a situation in which the parties to a transaction have different information, as when the seller or a used car has more information about its quality then the buyer The economics of information search tells us that everyone falls short of having perfect information. It suggests that everyone will have different information about different things. For example, if you aren't a plumber (nor have any desire to become one), then you aren't likely to seek information about the wages paid plumbers in Boise, Idaho. In contrast, this information could be quite beneficial to plumbers in Pocatello, Idaho. Asymmetric Information for the market occurs when buyers and sellers have different information about a good. Sellers often have better information about a good than buyers because they are more familiar with it. They know more about it's quality, durability, and other features. Buyers, in contrast, have limited contact with the commodity and thus have less information. For example, if you sell a car that you've owned for several years, you know how well it's been maintained, whether or not it needs frequent repairs, and what causes that strange "clanking" sound. A buyer who test drives the car for only a few miles is likely unaware of these facts. And because search cost is positive, the buyer is unlikely to acquire as much information about the car as you already possess. Another common example of asymmetric Information is in the labor market. Workers are knowledgeable about their skills, industriousness, and productivity. Employers, in contrast, have limited information about the quality of prospective workers.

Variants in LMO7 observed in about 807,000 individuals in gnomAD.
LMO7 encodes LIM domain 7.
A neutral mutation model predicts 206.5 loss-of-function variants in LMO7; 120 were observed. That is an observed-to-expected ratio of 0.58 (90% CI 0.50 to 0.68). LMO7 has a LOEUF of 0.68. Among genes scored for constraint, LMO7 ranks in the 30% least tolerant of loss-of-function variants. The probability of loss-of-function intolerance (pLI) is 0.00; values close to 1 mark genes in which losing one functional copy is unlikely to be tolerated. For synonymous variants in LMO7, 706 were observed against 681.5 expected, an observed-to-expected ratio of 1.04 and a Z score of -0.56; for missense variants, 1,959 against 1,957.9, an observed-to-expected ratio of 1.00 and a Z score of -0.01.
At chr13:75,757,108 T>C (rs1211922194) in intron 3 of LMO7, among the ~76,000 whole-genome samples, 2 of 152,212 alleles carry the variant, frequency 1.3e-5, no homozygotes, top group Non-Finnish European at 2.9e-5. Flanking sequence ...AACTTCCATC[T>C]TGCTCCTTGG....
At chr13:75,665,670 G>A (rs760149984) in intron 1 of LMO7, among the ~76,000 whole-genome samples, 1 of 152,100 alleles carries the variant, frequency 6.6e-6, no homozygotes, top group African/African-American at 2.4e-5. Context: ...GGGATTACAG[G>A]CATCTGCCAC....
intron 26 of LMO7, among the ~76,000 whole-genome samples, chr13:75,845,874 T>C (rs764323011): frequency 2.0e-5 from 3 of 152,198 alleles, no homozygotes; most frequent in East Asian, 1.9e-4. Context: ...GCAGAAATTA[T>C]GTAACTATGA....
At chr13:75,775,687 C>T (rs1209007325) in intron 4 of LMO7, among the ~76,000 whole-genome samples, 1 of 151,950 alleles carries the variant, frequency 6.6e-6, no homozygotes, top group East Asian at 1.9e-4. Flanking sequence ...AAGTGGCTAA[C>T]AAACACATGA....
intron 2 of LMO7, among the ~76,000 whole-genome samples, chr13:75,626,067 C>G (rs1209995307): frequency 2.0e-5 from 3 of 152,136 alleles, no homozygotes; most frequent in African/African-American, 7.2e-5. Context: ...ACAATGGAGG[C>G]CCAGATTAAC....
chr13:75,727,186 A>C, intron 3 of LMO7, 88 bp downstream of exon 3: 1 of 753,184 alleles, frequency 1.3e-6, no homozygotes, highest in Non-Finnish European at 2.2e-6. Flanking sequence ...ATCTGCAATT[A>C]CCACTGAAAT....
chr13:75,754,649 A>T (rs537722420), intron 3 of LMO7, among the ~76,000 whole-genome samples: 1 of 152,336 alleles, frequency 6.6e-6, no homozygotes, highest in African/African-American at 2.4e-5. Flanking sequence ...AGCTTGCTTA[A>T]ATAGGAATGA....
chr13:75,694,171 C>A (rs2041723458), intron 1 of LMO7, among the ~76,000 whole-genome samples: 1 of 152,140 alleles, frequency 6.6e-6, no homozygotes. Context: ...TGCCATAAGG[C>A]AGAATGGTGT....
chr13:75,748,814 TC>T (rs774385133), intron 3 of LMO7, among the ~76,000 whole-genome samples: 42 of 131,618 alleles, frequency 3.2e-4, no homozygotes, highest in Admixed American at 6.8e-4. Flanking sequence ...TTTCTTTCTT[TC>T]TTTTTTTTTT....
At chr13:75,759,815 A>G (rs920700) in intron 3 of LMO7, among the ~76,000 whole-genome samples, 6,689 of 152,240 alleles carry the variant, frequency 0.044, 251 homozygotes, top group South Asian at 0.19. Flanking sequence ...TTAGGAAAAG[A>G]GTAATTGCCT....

Environmental economics English glossary.      Английский глоссарий экономики окружающей среды.